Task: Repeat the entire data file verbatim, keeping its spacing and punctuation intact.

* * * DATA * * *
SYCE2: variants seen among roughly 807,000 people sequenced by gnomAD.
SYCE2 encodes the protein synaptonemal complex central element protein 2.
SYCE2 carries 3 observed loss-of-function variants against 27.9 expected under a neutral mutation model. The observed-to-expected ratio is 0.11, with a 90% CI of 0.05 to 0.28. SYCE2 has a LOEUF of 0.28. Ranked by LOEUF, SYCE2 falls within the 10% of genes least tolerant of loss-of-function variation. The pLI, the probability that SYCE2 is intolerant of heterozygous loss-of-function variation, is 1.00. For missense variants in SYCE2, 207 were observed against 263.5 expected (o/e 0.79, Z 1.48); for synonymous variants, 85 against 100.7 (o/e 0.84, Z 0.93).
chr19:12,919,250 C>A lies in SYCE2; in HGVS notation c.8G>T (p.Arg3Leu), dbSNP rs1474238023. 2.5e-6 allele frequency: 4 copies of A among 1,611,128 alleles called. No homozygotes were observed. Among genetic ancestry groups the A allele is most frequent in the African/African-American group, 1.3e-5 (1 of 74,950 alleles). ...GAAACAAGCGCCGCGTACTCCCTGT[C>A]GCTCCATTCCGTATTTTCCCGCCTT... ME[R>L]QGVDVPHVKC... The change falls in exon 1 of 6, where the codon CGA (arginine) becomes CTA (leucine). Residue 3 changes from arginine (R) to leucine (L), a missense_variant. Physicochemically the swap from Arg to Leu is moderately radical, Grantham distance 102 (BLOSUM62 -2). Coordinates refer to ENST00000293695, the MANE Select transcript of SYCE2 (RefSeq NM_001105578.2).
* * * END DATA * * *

SYCE2: variants seen among roughly 807,000 people sequenced by gnomAD.
SYCE2 encodes the protein synaptonemal complex central element protein 2.
SYCE2 carries 3 observed loss-of-function variants against 27.9 expected under a neutral mutation model. The observed-to-expected ratio is 0.11, with a 90% CI of 0.05 to 0.28. SYCE2 has a LOEUF of 0.28. Ranked by LOEUF, SYCE2 falls within the 10% of genes least tolerant of loss-of-function variation. The pLI, the probability that SYCE2 is intolerant of heterozygous loss-of-function variation, is 1.00. For missense variants in SYCE2, 207 were observed against 263.5 expected (o/e 0.79, Z 1.48); for synonymous variants, 85 against 100.7 (o/e 0.84, Z 0.93).
chr19:12,919,250 C>A lies in SYCE2; in HGVS notation c.8G>T (p.Arg3Leu), dbSNP rs1474238023. 2.5e-6 allele frequency: 4 copies of A among 1,611,128 alleles called. No homozygotes were observed. Among genetic ancestry groups the A allele is most frequent in the African/African-American group, 1.3e-5 (1 of 74,950 alleles). ...GAAACAAGCGCCGCGTACTCCCTGT[C>A]GCTCCATTCCGTATTTTCCCGCCTT... ME[R>L]QGVDVPHVKC... The change falls in exon 1 of 6, where the codon CGA (arginine) becomes CTA (leucine). Residue 3 changes from arginine (R) to leucine (L), a missense_variant. Physicochemically the swap from Arg to Leu is moderately radical, Grantham distance 102 (BLOSUM62 -2). Coordinates refer to ENST00000293695, the MANE Select transcript of SYCE2 (RefSeq NM_001105578.2).